In the preface, Steve Ramey mentions that several of the stories collected in Glass Animals started at Show Me Your Lits. This reminds me how lucky we are at SMYL to read raw, fresh fiction every single week from a slew of gifted writers, none moreso than Steve. (It also reminds me how much we owe to Errid Farland and the others who started the site, and to Errid again for being the one constant presence and guide for the first three-plus years of its existence.)
So, having read many of these stories when the ink was wet, reading this book is an insight into the revision process at work. Or maybe I should say (using a Conversations-with-God-like hyphenism), re-vision. It strikes me that more has gone on than a coat of varnish, a patch here or there. No once-over edit to fix grammar or untangle tense. While I may not be able to tell exactly how much has changed in any particular story, each one resonates deeper, clearer than I recall the original. It is as if the author has played each piece like a guitar maker, listened to the sound, then returned to the workbench with it, to shave and reshape the sound board until the tone produced matches the sound he hears in his head.
Take for example, “Cee Cee”. I remember thinking when I read this at Show Me Your Lits that it was humorous story about a woman obsessed with the letter C. It was sweet and somewhat poignant, intimidatingly well-written (as Steve’s first writing almost always seems to be). But now there is a depth that I didn’t note the first time. Cee Cee is a convenience store operator whose light-hearted humor masks a pervading sadness. She’s had troubles and she’s wounded, but a random encounter with a customer restores a glimmer — perhaps not of hope, but of the hope of hope. Steve knows better than to offer a quick fix. The pair engages in a brief flirtation, but Frank is married. What changes in Cee Cee’s life is not that someone found her attractive enough to talk to, but that he saw worth in what had been discarded, a light that is more than a flash of glitter.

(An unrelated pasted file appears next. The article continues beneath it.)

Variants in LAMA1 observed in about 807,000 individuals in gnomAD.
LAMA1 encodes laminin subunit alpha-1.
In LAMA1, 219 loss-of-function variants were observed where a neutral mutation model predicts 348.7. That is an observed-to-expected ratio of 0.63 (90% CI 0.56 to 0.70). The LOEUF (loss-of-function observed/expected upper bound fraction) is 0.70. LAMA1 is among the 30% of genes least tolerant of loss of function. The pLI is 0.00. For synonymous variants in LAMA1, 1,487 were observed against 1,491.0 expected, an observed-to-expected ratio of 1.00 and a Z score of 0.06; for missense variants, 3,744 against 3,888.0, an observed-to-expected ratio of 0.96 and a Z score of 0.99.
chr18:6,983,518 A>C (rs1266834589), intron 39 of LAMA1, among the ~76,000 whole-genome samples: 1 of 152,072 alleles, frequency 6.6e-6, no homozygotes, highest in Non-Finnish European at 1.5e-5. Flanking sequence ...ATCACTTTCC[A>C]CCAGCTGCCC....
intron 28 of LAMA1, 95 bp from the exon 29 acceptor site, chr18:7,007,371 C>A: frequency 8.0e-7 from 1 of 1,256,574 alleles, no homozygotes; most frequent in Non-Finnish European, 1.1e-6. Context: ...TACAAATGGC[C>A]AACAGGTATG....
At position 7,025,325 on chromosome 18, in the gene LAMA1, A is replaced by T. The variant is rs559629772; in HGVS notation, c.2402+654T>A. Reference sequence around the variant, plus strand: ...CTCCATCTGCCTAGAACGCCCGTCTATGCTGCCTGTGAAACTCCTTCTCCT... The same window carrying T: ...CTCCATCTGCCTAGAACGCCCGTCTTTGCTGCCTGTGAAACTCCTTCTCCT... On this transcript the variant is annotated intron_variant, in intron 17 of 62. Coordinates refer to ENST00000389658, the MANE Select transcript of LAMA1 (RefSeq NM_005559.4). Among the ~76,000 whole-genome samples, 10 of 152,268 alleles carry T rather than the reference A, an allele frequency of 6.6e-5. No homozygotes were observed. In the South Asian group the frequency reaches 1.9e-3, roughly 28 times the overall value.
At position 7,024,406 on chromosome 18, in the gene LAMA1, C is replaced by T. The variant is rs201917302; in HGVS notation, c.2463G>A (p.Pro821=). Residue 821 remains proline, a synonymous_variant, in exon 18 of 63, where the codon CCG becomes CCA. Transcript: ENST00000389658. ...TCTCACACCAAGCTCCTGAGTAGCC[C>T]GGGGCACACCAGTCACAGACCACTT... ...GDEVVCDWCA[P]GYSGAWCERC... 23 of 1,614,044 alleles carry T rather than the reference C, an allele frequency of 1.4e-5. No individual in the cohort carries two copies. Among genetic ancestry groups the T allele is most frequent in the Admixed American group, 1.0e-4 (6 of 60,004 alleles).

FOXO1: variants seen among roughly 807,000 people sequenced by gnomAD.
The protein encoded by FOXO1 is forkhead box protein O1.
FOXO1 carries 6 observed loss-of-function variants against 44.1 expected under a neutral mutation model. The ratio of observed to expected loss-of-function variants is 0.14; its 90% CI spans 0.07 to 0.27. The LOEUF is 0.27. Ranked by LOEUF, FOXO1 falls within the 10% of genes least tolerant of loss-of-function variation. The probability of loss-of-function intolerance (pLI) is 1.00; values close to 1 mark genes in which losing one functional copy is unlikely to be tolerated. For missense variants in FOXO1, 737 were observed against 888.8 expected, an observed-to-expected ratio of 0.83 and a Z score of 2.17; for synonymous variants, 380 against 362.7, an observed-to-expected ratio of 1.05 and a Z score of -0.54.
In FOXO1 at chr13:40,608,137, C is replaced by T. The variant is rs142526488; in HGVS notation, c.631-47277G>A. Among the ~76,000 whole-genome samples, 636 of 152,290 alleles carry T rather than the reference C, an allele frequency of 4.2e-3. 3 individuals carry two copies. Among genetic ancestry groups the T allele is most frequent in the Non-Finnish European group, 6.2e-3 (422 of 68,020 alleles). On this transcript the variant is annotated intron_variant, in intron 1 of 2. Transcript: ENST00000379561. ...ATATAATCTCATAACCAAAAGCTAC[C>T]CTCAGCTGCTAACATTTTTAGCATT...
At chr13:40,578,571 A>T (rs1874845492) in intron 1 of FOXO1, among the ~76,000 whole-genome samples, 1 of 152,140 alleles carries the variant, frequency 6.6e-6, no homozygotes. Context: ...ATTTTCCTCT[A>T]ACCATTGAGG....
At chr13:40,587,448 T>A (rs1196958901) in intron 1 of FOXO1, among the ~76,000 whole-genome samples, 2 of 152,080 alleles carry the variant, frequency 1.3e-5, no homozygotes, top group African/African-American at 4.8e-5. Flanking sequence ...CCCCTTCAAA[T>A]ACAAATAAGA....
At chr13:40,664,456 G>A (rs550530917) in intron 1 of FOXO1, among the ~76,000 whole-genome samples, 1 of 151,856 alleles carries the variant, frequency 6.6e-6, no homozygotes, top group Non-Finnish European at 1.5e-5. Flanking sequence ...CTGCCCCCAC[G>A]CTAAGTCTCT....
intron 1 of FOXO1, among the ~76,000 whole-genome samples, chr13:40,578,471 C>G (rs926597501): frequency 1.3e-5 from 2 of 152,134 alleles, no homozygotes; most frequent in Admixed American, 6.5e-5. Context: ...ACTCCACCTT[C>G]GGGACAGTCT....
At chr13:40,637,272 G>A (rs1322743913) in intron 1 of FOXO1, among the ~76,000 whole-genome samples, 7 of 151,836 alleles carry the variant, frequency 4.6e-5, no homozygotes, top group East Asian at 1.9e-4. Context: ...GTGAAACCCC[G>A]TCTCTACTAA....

Now, I don’t know if Frank was present in version one. But I am sure that the purpose, the direction of this story has been righted and trued through the process of re-vision, and through the medium of the characters.
This is the constant in the stories here. Steve cares for his characters enough to listen to them, and to speak truth on their behalf.
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